The Codification of the Fourth Amendment Essay

The Codification of the Fourth Amendment Essay

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The most difficult problem that arises for the courts because of technology is the codification of the Fourth Amendment to apply to technological change and progress. The vast changes technology brings to surveillance, security, and data collection offer a challenge to courts in classifying these new technologies and monitoring their use within the limits of the Fourth Amendment. The Fourth Amendment states that people have the right to be “secure in their persons, houses, papers, and effects, against unreasonable searches and seizures.” An influential dissent written by Louis Brandeis contends that the amendment does not simply protect a person’s property but the “right to be let alone.” Though, current Fourth Amendment law echoes Brandeis’s opinion, courts run into new problems of interpretation as new technology is developed. Courts are forced to utilize cumbersome metaphors in order to make laws based on a constitutional amendment that was written by people who could not anticipate the technological changes that would happen in the future. This makes it difficult to anticipate and provide for changes to come, so courts are constantly playing catch-up as new technologies and new uses for those technologies are brought up. In addition, courts need to leave room for uncertainty in laws and decisions in order to allow for future technological change. Several cases make apparent the court’s struggle to consistently apply the Fourth Amendment to growing technologies: Kyllo v. United States, United States v. Andrus, and !!!!!!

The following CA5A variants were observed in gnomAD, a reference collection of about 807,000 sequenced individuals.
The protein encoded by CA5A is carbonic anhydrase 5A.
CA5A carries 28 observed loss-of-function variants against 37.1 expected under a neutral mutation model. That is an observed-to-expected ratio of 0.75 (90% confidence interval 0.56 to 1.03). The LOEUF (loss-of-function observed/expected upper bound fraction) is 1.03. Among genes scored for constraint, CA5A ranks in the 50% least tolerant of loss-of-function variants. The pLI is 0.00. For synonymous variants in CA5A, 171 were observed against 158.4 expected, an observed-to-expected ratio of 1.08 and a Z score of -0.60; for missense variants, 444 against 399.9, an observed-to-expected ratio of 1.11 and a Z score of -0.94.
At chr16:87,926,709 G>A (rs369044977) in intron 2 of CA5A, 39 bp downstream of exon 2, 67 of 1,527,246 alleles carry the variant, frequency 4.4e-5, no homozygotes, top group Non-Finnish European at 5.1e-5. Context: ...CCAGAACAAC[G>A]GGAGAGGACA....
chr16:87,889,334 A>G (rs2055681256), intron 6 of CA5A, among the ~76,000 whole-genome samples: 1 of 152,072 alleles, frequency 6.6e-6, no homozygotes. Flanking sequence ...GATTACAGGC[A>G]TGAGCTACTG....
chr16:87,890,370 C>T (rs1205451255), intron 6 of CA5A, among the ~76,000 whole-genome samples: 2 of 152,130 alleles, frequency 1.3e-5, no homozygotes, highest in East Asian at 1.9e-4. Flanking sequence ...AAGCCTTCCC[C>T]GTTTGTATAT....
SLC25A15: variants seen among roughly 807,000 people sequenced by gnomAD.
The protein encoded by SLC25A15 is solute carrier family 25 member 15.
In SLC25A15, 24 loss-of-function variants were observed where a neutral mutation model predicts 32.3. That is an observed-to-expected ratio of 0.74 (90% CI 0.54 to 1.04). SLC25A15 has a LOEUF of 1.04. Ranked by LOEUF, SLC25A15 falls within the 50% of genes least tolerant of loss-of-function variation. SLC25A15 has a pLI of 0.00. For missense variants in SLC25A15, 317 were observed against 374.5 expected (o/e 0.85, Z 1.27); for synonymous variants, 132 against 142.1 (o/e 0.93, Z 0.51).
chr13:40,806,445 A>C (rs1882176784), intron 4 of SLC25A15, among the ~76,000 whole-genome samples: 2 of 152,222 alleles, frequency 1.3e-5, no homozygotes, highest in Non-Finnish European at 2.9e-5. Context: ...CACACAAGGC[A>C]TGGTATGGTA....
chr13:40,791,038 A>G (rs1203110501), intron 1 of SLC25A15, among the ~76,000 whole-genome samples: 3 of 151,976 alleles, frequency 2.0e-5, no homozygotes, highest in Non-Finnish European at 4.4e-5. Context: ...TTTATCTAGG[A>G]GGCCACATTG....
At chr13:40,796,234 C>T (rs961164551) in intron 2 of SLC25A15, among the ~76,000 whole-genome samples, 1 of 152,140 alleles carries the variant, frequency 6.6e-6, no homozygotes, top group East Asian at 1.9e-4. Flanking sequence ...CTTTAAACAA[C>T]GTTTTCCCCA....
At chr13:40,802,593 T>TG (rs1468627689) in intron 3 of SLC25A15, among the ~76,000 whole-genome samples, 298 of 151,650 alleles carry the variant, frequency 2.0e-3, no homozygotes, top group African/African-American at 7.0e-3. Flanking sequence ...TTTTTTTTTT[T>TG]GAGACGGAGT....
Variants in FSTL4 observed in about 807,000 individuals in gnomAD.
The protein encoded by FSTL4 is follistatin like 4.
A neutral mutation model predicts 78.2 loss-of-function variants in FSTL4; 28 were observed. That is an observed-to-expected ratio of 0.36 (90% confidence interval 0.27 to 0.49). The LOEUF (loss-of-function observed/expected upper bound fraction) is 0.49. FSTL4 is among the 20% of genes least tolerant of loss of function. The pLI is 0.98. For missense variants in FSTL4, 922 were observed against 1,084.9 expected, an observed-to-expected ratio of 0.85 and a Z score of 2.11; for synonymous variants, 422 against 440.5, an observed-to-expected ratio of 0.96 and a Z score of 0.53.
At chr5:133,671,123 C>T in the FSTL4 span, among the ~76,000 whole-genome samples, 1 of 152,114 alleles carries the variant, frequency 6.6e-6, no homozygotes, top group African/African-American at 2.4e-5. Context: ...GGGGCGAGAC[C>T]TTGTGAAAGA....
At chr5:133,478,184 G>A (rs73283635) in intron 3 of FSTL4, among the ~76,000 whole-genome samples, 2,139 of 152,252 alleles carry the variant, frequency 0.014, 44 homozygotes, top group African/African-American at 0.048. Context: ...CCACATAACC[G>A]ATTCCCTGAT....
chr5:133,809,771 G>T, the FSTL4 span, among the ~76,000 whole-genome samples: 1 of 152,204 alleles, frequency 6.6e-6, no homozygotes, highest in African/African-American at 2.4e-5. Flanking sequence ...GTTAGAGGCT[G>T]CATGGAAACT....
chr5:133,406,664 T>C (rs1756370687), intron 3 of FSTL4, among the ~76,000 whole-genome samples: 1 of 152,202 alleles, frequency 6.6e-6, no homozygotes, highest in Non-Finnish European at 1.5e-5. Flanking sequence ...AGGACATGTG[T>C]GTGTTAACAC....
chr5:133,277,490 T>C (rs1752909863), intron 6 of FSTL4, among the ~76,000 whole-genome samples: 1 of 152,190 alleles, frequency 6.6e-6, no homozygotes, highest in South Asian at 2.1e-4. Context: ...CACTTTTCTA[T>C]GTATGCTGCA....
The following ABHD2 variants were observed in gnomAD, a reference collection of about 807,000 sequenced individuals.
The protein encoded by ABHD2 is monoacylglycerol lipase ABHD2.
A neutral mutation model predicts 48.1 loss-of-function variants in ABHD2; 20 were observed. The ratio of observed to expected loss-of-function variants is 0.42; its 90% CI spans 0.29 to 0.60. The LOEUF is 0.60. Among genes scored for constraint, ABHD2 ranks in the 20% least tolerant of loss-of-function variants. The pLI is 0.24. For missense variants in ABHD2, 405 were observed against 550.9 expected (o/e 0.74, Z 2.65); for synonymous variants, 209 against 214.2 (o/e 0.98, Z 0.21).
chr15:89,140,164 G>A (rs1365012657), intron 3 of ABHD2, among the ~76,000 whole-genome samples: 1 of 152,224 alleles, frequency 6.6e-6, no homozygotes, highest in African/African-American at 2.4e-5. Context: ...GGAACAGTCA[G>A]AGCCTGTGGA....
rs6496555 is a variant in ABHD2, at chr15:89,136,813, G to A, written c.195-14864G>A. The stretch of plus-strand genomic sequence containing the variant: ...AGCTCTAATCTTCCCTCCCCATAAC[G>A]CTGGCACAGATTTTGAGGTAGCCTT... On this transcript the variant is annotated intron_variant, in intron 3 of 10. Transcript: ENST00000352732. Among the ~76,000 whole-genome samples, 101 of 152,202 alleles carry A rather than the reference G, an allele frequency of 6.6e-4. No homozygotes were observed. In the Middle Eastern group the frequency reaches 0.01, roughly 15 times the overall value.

In Kyllo v. United States (2001), the police used a thermal imaging device in order to procure evidence that Kyllo was growing marijuana in his home. With the information obtained from the device, they were ...


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...future.
These cases demonstrate the issues courts have faced in the categorizing of new technologies under the Fourth Amendment. They need to rely on figurative language to make comparisons when the technology is hard to comprehend or classify. They need to rule on whether there are limits of technology and its impacts on personal property and privacy. Finally, they need to question whether certain personal information can be considered private and whether public disclosure is necessary when companies give customer information to government entities. The law is rapidly changing in these areas, and it will take some time for the courts to catch up to technology and standardize rulings across the board.




Works Cited

Solove, Daniel J., and Paul M. Schwartz. Privacy, Information, and Technology. 3rd ed. New York: Wolters Kluwer Law & Business, 2011. Print.

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